Republican White House hopeful Newt Gingrich's shock victory in South Carolina's primary on Saturday makes him the sharpest conservative threat to long-time favourite Mitt Romney.

The pugnacious former House Speaker ignited conservative passions fuelled by feisty debate performances to torch the former Massachusetts Governor and multi-millionaire investor's vaunted campaign riches and well-oiled machine.

Mr. Gingrich, repeatedly declared politically dead over the past year, must now harness his political momentum heading into the vital battleground of Florida, a more diverse state where Mr. Romney's weapons were expected to give him the edge.

Mr. Gingrich cast his insurgent victory here as a coup for Americans “who feel that the elites in Washington and New York have no understanding, no care, no concern, no reliability and in fact do not represent them at all.”

The result here was a heavy symbolic blow to Mr. Romney: No Republican since 1980 has won the nomination without carrying this conservative bastion, now home to prominent leaders of the “Tea Party” movement.

And it was the first time that different candidates have carried the first three nominating contests — Iowa, New Hampshire, and South Carolina — highlighting the volatile nature of the race.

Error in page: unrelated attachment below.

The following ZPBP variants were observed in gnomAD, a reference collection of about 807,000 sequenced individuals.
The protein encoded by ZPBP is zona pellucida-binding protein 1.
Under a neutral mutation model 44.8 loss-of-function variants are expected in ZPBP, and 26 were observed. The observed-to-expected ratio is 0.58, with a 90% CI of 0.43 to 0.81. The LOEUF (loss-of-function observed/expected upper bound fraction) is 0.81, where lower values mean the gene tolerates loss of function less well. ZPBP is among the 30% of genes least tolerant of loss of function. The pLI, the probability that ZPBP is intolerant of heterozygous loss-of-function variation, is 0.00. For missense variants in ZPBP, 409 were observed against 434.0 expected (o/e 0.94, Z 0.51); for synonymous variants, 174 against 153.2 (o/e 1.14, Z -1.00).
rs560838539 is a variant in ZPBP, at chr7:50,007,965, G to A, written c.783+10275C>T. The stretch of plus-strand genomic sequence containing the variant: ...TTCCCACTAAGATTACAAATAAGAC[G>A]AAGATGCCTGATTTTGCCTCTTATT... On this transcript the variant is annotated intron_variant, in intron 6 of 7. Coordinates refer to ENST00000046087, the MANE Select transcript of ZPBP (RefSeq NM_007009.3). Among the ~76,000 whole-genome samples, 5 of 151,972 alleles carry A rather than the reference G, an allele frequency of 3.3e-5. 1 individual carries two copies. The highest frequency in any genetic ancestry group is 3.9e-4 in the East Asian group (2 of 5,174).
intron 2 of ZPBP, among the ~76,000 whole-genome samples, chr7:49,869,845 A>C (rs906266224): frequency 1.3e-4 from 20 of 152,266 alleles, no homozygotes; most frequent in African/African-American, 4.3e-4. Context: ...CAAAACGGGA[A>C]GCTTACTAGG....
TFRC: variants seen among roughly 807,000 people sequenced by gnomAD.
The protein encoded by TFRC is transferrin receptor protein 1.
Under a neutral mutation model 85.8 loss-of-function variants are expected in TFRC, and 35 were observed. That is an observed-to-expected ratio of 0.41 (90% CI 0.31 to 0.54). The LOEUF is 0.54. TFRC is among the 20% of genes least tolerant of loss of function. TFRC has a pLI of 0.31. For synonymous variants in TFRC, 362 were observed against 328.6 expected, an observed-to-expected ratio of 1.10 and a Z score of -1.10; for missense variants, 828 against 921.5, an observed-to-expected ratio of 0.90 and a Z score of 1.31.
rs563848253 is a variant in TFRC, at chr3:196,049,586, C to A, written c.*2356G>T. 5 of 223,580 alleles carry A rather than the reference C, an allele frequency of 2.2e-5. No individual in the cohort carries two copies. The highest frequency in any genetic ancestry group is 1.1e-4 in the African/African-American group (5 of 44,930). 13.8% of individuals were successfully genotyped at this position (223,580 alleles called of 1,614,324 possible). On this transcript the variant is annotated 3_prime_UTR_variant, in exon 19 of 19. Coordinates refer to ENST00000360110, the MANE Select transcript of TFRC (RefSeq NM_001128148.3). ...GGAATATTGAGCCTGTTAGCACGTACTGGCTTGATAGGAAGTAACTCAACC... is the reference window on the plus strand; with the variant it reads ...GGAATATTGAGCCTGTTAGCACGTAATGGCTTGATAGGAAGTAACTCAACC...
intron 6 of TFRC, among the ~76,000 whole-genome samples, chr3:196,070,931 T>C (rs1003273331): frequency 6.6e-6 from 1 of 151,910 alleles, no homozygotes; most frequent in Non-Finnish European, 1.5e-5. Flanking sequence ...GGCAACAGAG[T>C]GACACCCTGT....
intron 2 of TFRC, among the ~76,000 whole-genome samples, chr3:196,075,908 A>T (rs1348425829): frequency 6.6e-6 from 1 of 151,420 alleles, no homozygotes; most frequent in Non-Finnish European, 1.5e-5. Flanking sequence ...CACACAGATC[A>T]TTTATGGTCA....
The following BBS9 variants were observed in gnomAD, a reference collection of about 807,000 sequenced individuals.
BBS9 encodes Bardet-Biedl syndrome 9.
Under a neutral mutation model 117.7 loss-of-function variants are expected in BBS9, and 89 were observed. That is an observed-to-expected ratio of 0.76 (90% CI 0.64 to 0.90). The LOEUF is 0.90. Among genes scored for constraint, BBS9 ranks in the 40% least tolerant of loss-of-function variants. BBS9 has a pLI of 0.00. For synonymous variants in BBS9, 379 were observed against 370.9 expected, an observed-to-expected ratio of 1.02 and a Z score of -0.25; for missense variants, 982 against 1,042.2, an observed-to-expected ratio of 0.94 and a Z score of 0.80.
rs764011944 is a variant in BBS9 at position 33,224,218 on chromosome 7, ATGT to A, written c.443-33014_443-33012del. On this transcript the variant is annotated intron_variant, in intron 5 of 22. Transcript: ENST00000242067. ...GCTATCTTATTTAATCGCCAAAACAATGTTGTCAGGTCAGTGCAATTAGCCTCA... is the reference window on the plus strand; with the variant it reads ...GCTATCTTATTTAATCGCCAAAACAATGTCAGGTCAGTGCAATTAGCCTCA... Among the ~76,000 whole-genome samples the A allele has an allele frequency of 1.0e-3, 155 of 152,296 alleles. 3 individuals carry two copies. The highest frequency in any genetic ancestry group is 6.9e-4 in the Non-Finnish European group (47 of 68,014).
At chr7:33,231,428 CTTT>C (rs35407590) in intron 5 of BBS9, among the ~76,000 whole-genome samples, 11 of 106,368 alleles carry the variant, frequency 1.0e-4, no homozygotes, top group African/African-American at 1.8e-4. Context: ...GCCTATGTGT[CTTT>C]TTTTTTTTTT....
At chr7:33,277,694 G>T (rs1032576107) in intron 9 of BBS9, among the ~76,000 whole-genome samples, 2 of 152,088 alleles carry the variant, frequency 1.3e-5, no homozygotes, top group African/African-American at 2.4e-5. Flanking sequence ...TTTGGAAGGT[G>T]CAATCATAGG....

But “beyond the media impact, and some momentum, the fundamentals — money, organisation, and endorsements signifying establishment support — still favour Romney,” said Matt Dickinson, a political scientist at elite Middlebury College.

Still, after benefiting from seeing conservative voters fractured among several candidates, Mr. Romney could face a real threat if Mr. Gingrich manages to “establish himself as the anti-Mitt,” Mr. Dickinson told AFP.

Over the past year, conservatives have rallied at various points behind candidates sometimes dubbed “not-Romney,” only to see them flame out, while Mr. Romney has struggled to push his support above 25 per cent of Republicans.

“This race is getting to be even more interesting,” Mr. Romney told cheering supporters packed into a room dressed up as though for a victory rally before congratulating Mr. Gingrich for “a hard-fought campaign.”

“I don't shrink from competition. I embrace it. I believe competition makes us all better. I know it's making our campaign stronger,” he added, as his campaign readied to travel to Florida on Sunday.

There were signs Mr. Romney's once-substantial advantage at the national level may also be shrinking, with pollsters Gallup saying on Friday that his U.S.-wide lead over Mr. Gingrich plummeted to 30-20 per cent.

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